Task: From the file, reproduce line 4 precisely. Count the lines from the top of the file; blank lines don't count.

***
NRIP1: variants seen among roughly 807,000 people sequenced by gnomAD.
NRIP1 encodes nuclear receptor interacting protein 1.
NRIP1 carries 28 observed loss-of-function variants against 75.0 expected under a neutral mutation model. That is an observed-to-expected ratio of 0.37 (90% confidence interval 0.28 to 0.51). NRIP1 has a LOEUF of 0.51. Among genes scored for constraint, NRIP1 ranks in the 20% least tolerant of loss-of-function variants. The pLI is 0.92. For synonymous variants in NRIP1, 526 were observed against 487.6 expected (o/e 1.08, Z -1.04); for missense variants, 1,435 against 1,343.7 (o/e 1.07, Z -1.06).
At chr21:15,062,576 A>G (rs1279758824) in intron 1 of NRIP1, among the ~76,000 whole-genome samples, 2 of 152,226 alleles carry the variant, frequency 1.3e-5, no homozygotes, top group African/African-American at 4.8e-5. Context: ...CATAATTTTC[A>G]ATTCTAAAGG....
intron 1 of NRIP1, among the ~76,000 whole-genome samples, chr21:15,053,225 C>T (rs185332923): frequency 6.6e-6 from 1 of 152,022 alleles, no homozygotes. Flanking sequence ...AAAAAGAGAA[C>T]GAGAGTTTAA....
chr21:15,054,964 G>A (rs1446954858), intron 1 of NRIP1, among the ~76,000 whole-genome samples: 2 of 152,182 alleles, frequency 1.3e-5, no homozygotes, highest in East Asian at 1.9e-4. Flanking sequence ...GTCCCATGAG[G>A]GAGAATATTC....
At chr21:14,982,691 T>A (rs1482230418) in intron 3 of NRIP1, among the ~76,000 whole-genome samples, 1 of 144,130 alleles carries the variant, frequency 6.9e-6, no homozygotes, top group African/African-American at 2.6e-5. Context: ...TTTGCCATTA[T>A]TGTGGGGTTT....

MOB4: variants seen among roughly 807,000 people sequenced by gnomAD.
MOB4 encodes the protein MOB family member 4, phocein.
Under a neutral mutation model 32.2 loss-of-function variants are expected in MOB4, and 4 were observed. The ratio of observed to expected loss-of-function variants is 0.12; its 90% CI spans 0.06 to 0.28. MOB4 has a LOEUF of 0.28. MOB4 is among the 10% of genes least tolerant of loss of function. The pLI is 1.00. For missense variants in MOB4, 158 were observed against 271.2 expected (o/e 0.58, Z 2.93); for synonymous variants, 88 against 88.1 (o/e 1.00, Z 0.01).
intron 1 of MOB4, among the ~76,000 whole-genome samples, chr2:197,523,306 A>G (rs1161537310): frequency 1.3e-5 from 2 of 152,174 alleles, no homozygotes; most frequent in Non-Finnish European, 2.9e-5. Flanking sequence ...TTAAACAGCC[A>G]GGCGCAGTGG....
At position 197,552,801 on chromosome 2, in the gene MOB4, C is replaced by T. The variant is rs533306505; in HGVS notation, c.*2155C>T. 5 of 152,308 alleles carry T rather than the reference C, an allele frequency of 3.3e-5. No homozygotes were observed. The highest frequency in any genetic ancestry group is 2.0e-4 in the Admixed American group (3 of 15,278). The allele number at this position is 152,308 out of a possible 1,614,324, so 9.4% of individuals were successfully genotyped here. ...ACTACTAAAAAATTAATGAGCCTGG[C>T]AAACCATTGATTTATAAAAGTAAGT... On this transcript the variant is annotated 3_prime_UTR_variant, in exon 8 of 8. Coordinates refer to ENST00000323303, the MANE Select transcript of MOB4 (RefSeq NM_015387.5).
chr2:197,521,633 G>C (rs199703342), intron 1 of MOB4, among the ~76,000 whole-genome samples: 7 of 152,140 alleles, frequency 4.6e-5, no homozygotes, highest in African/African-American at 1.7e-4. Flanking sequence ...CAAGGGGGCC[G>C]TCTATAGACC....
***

At chr21:15,062,576 A>G (rs1279758824) in intron 1 of NRIP1, among the ~76,000 whole-genome samples, 2 of 152,226 alleles carry the variant, frequency 1.3e-5, no homozygotes, top group African/African-American at 4.8e-5. Context: ...CATAATTTTC[A>G]ATTCTAAAGG....